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John’s Horror Corner: Warm Bodies (2013)

February 3, 2013

MY CALL:  This Romeo & Juliette approach to the zombedy breathes new life and a well-placed sense of hope into the genre.  While Shaun of the Dead (2004) and Zombieland (2009) succeeded in lighter-hearted, smiley approaches, neither conveyed the sense of romance-driven hope above desperation in their apocalyptic settings.  So see Warm Bodies!  You’ll leave feeling hopeful.  [A]  IF YOU LIKE THIS WATCH:  Other zombedies like Shaun of the Dead (2004) and Zombieland (2009).

As R (Nicholas Hoult; Clash of the Titans, X-Men: First Class, Jack the Giant Slayer), Nicholas Hoult’s narration adds an inflexive zombie-perspective and comedic charm regarding the idiosyncratic behavior of animated corpses and, given the unique opportunity, their romantic proclivities.  The narration feels natural and unscripted as if you were watching a home video of yourself and Mystery Science Theater-ing it.  This nearly impromptu style reveals that he goes by “R” because he can’t remember his name–only that it started with a zombie-grunting “rrrrrrhu?”

R “almost having a conversation” with M[arcus].

After introducing us to his daily lumbering grind, he rescues Julie (Teresa Palmer; I Am Number Four, The Sorcerer’s Apprentice, The Grudge 2) from his “friends” and keeps her safe.  As he struggles to remember how to enunciate we learn that he has also clearly forgotten how to talk to a girl…since he has no memories of his life at all!  The mix of his awkwardly nigh-mute zombiism, his self-deprecating narrations (which are humanly articulate) and his high schoolish nervousness present an excellent platform to develop these characters and their relationship.

“Try to look dead.” 78

“Too much.”

Unlike Shaun of the Dead and Zombieland, the gore was quite minimal.  There were no slow throat-tearing bites, flesh-rending or disembowelments by super strong zombie hands, which makes this ZomCom more watchable by those who don’t care for shocking displays of gore of suffering.  This was a tasteful choice and, even as a gorehound, in this case I very much approve.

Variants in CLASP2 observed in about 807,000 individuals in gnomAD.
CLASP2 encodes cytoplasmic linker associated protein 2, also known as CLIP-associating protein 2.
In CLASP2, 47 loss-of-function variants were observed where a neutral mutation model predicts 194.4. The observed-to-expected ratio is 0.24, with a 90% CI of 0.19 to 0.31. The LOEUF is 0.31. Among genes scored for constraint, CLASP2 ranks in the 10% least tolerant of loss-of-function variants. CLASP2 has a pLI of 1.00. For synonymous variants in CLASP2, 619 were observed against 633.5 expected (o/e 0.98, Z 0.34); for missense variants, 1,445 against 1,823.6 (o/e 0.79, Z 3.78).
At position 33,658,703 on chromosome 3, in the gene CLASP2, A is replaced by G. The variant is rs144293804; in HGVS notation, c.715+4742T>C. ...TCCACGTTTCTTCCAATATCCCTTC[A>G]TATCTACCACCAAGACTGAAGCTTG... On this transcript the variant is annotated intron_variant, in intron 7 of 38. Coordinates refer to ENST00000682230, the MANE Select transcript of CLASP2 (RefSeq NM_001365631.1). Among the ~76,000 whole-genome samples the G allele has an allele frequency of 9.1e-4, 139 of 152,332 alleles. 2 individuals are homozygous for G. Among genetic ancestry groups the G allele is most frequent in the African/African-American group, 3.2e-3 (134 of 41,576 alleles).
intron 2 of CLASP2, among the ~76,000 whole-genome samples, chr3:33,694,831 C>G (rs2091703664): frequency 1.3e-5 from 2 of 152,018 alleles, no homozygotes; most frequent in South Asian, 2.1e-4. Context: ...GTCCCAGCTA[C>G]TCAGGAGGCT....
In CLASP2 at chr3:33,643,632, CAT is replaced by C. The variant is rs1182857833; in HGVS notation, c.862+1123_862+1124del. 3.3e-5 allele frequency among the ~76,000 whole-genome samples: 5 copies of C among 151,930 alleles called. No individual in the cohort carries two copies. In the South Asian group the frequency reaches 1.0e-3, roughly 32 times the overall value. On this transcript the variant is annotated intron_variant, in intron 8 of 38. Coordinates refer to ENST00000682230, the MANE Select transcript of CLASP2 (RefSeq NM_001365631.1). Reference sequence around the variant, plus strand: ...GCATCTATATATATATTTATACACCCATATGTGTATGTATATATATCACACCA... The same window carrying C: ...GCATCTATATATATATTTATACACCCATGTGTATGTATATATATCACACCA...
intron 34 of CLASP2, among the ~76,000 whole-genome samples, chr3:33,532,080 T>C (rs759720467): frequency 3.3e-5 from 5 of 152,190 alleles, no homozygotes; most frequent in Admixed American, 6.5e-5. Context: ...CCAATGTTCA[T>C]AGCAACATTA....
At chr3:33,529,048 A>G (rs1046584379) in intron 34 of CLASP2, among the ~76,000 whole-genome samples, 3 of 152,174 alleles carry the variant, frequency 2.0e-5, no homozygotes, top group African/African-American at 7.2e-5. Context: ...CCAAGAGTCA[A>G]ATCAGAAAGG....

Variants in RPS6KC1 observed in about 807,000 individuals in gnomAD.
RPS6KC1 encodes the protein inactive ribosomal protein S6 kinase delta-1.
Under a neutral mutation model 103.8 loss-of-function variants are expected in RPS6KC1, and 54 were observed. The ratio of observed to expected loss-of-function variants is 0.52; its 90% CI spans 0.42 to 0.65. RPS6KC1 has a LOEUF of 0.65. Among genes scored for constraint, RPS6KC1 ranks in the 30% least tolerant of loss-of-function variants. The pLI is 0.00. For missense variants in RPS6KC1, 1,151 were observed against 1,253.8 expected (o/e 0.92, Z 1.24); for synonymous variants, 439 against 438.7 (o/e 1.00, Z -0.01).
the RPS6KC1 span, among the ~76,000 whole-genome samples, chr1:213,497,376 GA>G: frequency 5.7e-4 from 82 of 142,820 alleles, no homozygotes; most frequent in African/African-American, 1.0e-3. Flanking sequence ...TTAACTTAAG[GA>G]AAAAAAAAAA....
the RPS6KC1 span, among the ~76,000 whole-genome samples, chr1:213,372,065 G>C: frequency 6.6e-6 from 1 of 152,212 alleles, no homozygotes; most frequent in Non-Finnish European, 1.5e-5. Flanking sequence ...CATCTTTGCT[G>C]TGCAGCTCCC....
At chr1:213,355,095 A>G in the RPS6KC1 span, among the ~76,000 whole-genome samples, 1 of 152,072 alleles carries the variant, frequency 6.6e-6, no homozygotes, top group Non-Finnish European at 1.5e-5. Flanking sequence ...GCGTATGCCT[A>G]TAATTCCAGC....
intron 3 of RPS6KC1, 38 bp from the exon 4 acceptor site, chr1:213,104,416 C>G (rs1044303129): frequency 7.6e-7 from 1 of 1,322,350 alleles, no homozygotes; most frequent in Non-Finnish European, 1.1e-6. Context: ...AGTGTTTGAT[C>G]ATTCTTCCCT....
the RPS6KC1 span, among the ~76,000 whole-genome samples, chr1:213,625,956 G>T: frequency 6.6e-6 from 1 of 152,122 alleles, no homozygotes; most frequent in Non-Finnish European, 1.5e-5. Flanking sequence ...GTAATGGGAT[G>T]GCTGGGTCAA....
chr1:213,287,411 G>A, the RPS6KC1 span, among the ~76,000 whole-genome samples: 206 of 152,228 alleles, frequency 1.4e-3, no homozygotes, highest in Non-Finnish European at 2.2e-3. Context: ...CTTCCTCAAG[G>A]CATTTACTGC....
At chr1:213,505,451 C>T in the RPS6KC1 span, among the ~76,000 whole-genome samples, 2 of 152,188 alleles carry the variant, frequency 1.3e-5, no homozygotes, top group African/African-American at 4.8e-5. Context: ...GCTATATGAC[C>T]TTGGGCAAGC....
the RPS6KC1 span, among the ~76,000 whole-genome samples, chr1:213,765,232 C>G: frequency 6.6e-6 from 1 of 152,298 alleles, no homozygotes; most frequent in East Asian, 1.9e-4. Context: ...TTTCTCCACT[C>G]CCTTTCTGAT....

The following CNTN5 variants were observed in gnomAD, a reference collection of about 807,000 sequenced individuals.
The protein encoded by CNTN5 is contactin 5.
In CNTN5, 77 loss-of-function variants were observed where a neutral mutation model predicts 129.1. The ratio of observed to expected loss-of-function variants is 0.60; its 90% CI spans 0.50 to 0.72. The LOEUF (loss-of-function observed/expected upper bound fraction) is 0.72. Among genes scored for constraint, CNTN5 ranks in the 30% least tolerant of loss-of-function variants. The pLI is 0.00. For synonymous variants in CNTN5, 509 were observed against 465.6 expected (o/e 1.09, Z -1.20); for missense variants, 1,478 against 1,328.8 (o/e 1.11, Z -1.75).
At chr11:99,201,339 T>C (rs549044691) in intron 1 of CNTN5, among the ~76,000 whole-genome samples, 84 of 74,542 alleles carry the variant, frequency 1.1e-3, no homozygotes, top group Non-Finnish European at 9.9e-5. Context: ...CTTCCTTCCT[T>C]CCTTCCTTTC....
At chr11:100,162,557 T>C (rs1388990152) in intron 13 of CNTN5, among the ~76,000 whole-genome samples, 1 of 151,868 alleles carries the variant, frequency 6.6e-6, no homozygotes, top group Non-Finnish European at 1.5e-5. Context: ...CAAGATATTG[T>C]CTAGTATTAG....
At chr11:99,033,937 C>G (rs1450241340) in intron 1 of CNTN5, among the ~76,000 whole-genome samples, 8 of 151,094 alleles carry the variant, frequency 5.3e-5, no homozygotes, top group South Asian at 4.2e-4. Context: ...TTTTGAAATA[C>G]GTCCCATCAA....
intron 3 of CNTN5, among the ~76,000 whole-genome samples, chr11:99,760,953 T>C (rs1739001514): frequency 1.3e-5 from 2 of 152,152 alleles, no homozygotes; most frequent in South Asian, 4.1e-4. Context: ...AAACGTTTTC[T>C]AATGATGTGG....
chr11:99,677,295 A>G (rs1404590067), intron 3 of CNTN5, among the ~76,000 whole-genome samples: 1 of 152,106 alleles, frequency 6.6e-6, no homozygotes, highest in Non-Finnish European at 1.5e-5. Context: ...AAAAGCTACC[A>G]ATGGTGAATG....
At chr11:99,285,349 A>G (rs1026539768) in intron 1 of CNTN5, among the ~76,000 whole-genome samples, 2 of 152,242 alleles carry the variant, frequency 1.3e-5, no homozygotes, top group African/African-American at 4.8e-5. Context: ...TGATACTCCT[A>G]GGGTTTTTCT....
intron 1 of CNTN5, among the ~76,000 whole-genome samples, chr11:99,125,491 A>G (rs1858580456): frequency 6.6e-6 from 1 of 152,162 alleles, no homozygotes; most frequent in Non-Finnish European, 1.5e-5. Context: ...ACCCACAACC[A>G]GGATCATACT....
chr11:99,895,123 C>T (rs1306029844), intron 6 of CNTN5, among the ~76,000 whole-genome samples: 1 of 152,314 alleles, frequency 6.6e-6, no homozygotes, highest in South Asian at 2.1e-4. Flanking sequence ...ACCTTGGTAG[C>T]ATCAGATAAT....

77

One of these things is not like the other.

Huh?  No.  This is nothing like Fulci’s Zombie.

79

This is one of the “bonies.”  They’re a little closer.

I was really pleased with the music.  Songs like Bruce Springsteen’s “Hungry Heart” and Jimmy Cliff’s “Sitting in Limbo” mesh tongue in cheek irony with generally spectacular scoring decisions.  Not to mention playing “Pretty Woman” when R is receiving a “human” makeover, a great scene in which the stellar supporting character Nora (Analeigh Tipton; Crazy Stupid Love, The Green Hornet) turns Hoult from zombie to hottie.

The Shakespearian elements were not limited to the main characters’ names:  R[omeo, perhaps] and Julie[tte].  Their relationship seems little less than “star-crossed” from the start, she learns not to fear or hate R as he becomes “more human,” her ex-cause-he’s-dead boyfriend Perry is essentially Paris, Julie’s father (John Malkovich; Red, Jonah Hex) plays the lord of House Capulet role and he hates zombies as if they were Montagues, Nora plays Shakespeare’s helpful “nurse” of House Capulet, and Marcus (Rob Corddry; Pain and Gain, Hit Tub Time Machine) does a heartfelt and transformative job filling the shoes of Mercutio.  There’s even a balcony scene, which was the only unsubtle reference–but didn’t feel forced.

I generally enjoyed every aspect of this movie.  I have few small complaints and I’d rather not draw any attention to them.  This film is too good to chance scaring you off over minor quibbles.

So go see this.  You’ll leave feeling satisfied and hopeful.

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